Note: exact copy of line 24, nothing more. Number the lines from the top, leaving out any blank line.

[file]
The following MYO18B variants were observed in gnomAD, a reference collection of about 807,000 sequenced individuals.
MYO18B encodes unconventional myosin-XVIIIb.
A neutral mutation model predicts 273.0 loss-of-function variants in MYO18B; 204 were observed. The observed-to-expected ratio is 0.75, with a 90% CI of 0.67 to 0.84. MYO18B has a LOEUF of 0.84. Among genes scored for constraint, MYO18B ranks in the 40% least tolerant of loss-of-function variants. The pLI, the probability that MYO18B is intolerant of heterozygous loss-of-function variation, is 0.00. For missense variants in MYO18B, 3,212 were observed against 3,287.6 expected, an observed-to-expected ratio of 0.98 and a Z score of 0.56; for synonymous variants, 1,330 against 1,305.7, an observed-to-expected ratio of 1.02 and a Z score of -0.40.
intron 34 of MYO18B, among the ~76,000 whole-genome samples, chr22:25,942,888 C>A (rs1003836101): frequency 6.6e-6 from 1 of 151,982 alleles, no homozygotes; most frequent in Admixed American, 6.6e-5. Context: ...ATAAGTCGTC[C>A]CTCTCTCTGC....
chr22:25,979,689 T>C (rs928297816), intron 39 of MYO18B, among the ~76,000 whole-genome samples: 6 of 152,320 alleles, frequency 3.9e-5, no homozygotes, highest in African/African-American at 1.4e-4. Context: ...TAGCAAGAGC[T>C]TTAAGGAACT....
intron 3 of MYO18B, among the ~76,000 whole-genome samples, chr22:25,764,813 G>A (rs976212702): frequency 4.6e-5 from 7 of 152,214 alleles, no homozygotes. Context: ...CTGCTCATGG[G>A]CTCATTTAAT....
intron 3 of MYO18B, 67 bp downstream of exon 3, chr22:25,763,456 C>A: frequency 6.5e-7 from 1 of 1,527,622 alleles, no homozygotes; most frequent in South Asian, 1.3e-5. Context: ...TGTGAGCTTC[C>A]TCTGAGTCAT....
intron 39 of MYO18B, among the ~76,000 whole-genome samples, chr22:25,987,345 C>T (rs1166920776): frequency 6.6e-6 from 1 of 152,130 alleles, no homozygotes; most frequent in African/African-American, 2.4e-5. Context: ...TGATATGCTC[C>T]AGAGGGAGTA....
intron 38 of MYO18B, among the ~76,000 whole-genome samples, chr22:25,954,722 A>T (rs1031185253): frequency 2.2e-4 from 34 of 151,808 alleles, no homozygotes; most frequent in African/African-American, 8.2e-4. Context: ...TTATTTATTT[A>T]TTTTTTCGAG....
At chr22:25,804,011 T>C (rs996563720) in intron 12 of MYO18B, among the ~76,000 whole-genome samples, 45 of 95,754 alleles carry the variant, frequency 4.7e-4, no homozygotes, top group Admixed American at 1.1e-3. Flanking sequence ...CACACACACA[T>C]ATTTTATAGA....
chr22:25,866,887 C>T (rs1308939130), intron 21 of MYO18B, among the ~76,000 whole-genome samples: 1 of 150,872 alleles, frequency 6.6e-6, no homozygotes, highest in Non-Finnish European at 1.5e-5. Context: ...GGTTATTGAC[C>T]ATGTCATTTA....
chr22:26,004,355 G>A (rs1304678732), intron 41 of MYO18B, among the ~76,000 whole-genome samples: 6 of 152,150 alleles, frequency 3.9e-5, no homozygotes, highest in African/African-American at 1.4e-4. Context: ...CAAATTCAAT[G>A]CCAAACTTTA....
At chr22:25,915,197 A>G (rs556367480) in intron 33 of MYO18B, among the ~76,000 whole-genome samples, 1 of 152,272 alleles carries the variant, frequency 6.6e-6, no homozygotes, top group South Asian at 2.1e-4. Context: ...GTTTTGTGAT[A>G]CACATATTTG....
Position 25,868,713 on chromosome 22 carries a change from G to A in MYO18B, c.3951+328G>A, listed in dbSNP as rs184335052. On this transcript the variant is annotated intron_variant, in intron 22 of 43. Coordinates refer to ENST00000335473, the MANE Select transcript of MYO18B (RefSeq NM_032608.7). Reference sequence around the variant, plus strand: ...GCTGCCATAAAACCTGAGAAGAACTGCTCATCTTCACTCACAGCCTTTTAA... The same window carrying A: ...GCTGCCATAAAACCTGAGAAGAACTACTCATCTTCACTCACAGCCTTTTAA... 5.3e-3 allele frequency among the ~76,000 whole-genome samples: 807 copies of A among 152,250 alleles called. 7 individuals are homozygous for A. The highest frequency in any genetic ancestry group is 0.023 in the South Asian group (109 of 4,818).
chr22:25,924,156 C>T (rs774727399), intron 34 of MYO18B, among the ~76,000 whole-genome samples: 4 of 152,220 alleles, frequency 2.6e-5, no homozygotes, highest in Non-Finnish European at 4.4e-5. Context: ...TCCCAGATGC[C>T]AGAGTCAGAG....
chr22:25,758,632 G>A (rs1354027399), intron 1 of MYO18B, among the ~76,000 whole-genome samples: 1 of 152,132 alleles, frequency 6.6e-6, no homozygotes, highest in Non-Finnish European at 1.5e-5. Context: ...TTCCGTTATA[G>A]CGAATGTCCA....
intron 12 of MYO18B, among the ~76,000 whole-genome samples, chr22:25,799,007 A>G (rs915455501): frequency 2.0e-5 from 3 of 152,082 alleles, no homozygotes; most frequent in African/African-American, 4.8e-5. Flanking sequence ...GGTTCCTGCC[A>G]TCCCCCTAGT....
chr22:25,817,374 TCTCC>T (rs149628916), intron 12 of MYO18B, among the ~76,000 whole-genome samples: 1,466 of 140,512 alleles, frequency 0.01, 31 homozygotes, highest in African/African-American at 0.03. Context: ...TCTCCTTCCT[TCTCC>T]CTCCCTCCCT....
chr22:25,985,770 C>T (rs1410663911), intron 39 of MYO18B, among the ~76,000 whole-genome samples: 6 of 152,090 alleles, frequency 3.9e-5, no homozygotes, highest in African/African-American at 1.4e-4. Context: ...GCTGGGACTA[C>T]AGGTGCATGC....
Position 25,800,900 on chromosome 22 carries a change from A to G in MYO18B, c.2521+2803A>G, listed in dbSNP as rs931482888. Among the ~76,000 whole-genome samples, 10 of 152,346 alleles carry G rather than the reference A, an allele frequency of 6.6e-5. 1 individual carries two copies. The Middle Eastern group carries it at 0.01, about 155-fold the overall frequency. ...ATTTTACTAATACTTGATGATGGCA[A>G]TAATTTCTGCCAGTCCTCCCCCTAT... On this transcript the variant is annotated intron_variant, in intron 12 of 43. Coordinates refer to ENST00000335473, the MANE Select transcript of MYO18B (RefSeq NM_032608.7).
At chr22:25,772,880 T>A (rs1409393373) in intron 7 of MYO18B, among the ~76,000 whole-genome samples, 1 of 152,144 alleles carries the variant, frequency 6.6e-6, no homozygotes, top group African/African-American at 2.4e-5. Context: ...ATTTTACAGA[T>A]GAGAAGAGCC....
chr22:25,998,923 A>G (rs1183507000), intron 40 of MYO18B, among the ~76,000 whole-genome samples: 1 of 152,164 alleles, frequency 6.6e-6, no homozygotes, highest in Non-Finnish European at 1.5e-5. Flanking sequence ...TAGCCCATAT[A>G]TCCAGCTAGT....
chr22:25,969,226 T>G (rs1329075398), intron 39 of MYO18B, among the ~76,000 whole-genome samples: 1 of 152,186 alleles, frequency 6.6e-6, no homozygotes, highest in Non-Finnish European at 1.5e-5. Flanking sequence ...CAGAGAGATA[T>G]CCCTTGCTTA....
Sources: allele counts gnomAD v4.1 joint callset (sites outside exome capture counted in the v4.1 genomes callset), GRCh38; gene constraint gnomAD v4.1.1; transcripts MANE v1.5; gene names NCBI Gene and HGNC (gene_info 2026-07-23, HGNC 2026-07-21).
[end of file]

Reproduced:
Sources: allele counts gnomAD v4.1 joint callset (sites outside exome capture counted in the v4.1 genomes callset), GRCh38; gene constraint gnomAD v4.1.1; transcripts MANE v1.5; gene names NCBI Gene and HGNC (gene_info 2026-07-23, HGNC 2026-07-21).